Accessibility Testing Improvements

28 Mar 2024 | Accessibility | Tech Update | Accessibility Bulletin

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We’re excited to announce significant improvements to our accessibility tests as well as an upgrade to the latest WCAG standards 2.2 from 2.1, defined by W3C to make web content more accessible.

WCAG 2.2 builds on 2.1 and is backwards compatible. The primary difference between WCAG 2.1 and WCAG 2.2 is the incorporation of nine new success criteria. These new criteria extend the scope of accessibility requirements, accommodating users with cognitive or learning disabilities, low vision, and those who rely on mobile devices for their digital interactions.

Out of the nine new success criteria, eight require manual checks. The success criteria requiring manual checks are as follows:

1.     2.4.11 Focus Not Obscured (Minimum)

2.     2.4.12 Focus Not Obscured (Enhanced)

3.     2.4.13 Focus Appearance

4.     2.5.7 Dragging Movements

5.     3.2.6 Consistent Help

6.     3.3.7 Redundant Entry

7.     3.3.8 Accessible Authentication (Minimum)

8.     3.3.9 Accessible Authentication (Enhanced)

Among the new success criteria, one can be checked using automation, 2.5.8 Target Size (Minimum) and is now integrated into our accessibility tests using the technique C42: Using min-height and min-width to ensure sufficient target spacing.

Another significant change in the WCAG 2.2 standards is the removal of Success Criterion Parsing 4.1.1, which was originally designed to address the difficulty of assistive technology in parsing HTML directly. As assistive technology has advanced, this method of parsing is no longer necessary and with its removal, invalid HTML will no longer lead to accessibility failures.

Websites that conform to WCAG 2.2 automatically conform to both 2.1 and 2.0 standards, with the exception of any issues under the removed Criterion ‘Parsing’. For organisations that are required to conform to 2.1 by policy, W3C recommends that they can still update to 2.2, but may need to continue testing for parsing issues. Sitemorse users will still be able to view any failures caused by invalid HTML within the Code Quality section of our reports.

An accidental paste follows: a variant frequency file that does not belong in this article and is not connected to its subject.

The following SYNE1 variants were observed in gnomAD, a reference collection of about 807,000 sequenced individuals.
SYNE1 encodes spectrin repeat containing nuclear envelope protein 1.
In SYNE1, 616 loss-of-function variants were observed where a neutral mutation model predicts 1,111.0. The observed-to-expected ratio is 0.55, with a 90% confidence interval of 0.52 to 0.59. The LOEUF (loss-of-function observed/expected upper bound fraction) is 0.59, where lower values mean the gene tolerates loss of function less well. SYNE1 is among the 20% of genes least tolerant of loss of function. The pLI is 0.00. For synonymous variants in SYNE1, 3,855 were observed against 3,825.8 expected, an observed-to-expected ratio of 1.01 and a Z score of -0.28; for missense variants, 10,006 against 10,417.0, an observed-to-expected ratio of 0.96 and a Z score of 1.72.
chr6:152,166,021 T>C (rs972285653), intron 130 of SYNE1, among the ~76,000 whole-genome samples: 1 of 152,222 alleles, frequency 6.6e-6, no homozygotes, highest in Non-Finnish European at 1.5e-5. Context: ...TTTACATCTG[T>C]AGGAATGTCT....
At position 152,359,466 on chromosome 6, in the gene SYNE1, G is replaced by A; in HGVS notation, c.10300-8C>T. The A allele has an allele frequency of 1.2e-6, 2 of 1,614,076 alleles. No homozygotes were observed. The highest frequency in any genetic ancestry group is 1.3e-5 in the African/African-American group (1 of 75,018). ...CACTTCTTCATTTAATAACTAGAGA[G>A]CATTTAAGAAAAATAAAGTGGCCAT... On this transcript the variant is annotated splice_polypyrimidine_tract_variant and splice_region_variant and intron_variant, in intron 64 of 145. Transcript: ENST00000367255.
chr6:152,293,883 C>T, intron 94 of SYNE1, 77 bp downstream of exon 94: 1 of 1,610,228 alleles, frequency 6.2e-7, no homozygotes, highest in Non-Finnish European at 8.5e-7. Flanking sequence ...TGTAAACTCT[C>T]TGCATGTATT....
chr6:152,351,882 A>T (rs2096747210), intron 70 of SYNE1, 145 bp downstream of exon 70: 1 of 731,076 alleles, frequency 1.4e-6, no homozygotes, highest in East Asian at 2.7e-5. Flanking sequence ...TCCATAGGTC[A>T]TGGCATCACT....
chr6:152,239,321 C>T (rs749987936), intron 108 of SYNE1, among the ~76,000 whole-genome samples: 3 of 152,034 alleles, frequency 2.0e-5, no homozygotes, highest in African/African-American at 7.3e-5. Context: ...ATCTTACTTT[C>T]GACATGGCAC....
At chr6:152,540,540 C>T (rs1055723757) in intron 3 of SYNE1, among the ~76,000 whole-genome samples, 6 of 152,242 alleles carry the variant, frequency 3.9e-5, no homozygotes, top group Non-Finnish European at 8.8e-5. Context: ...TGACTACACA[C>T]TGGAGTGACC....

In addition to the WCAG 2.2 update, we have also increased our coverage of existing WCAG rules through the implementation of new tests, and we have reorganised how some of our tests are categorised against WCAG techniques. This has resulted in diagnostics now being supported under the following additional techniques:

ARIA11: Using ARIA landmarks to identify regions of a page
ARIA13: Using aria-labelledby to name regions and landmarks
ARIA14: Using aria-label to provide an invisible label where a visible label cannot be used
ARIA16: Using aria-labelledby to provide a name for user interface controls
C36: Allowing for text spacing override
F16: Failure of Success Criterion 2.2.2 due to including scrolling content where movement is not essential to the activity without also including a mechanism to pause and restart the content
F54: Failure of Success Criterion 2.1.1 due to using only pointing-device-specific event handlers (including gesture) for a function
G1: Adding a link at the top of each page that goes directly to the main content area
G108: Using markup features to expose the name and role, allow user-settable properties to be directly set, and provide notification of changes
G17: Ensuring that a contrast ratio of at least 7:1 exists between text (and images of text) and background behind the text
G18: Ensuring that a contrast ratio of at least 4.5:1 exists between text (and images of text) and background behind the text
H39: Using caption elements to associate data table captions with data tables
H48: Using ol, ul and dl for lists or groups of links
H58: Using language attributes to identify changes in the human language
H63: Using the scope attribute to associate header cells and data cells in data tables
H69: Providing heading elements at the beginning of each section of content
H91: Using HTML form controls and links

Furthermore, in this upgrade, we’ve improved our reporting to reduce occurrences where a single issue results in reported failures of multiple techniques. While this won’t impact the Sitemorse score, it provides clearer insights into areas that need improvement.

In our ongoing commitment to excellence in accessibility testing, this optimisation ensures that our assessments empower you to create digital experiences that are inclusive and compliant with the latest WCAG standards. Expect further updates as we continue to enhance and expand our accessibility testing capabilities.